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Residents groan as refuse take over major Port Harcourt areas

Battle against refuse

Residents of Port Harcourt, the capital of Rivers State, are not finding it funny the way waste is managed by those in charge of handling waste in the city. Waste generation has risen astronomically in the city, but its management has remained static or deteriorated in recent times Experts, especially, urban planners have long maintained that proper waste management is key in creating a sustainable and liveable city. In Rivers State generally, this remains a major challenge that is yet to get the deserved attention. According to one expert, poorly managed waste serves as a breeding ground for disease vectors, contributes to global climate change through methane generation, and can even promote urban violence. Domestic waste is what is confronting residents of Port Harcourt. This waste, including plant and animal waste such as vegetables, fruit peel, bone and meat waste emanate mainly from marketplaces. For instance, every evening, at the Mile 1 and Mile 3 markets, heaps of refuse are dumped at the designated refuse points for easy collection. These are high priority areas because once unattended to the refuse heaps pile up and become an eyesore.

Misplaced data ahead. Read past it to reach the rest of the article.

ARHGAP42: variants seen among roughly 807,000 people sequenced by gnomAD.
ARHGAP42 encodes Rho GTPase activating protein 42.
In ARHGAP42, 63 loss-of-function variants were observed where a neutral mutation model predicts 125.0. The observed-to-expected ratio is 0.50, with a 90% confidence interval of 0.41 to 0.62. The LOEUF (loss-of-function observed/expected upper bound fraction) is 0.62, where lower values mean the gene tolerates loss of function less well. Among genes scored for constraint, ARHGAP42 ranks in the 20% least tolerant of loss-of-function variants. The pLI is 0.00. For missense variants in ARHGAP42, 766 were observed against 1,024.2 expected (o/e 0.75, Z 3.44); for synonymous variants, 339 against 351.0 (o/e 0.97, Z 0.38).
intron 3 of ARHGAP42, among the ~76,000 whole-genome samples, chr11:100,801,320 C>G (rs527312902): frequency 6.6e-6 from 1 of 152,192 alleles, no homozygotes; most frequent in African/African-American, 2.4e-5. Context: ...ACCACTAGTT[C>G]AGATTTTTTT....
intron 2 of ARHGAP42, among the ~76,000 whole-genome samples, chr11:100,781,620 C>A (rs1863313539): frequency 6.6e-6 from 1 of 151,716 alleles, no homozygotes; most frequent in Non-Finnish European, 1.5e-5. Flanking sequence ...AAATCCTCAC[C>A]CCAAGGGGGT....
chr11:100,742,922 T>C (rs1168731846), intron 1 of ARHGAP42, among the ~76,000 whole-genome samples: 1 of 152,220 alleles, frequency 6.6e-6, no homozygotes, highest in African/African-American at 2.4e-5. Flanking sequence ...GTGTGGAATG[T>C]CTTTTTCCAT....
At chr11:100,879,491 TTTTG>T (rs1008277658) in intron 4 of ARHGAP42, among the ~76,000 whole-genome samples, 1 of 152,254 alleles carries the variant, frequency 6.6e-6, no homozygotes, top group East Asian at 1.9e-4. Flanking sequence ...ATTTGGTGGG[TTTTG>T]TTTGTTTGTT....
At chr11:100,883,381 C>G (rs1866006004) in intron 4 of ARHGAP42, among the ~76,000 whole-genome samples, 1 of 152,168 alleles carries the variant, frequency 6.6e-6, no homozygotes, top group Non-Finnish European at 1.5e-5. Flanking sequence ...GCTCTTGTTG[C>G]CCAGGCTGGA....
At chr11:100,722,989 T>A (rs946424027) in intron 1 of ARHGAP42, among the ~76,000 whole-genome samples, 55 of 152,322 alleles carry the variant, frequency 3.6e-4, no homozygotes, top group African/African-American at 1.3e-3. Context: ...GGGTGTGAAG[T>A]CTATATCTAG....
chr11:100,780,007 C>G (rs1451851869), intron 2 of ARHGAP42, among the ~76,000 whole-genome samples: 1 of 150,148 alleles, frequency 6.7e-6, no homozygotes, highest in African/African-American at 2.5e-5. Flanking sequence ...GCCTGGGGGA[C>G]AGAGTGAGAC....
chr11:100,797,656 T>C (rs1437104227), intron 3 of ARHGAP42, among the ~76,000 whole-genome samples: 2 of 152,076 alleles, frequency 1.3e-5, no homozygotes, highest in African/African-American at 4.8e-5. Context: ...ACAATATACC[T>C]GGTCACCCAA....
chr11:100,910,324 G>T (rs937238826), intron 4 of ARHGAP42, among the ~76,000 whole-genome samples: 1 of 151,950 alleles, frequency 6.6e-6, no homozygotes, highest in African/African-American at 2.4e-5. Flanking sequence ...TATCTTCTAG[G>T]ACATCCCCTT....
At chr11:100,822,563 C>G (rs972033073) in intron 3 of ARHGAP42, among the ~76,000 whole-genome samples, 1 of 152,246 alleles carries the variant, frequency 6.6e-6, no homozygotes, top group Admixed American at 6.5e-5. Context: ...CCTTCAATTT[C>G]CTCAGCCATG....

Problem of not bagging

But one of the problems with this arrangement is that the refuse is not bagged, and some deliberately dump them outside the designated area, thereby expanding the space allocated for refuse. To fully understand the refuse crisis in the state, one has to take a train ride from Port Harcourt to Obigbo in Oyigbo Local Government Area. It is along this route, that one sees how residents living nearby the fence barriers of the Nigerian Railway Corporation (NRC) live side by side with waste.

The areas mostly affected

From the Woji area to Elelenwa up to Obigbo, waste along the train route is never evacuated from January to December. In fact, some residents live in a manner that makes it appear that they have never heard of the word environmental sanitation with the way they live. Then in the capital proper, in residential or business corners where people are supposed to walk quietly without being assaulted by refuse heaps and the atten dant stench, they see one.

Garden City stigma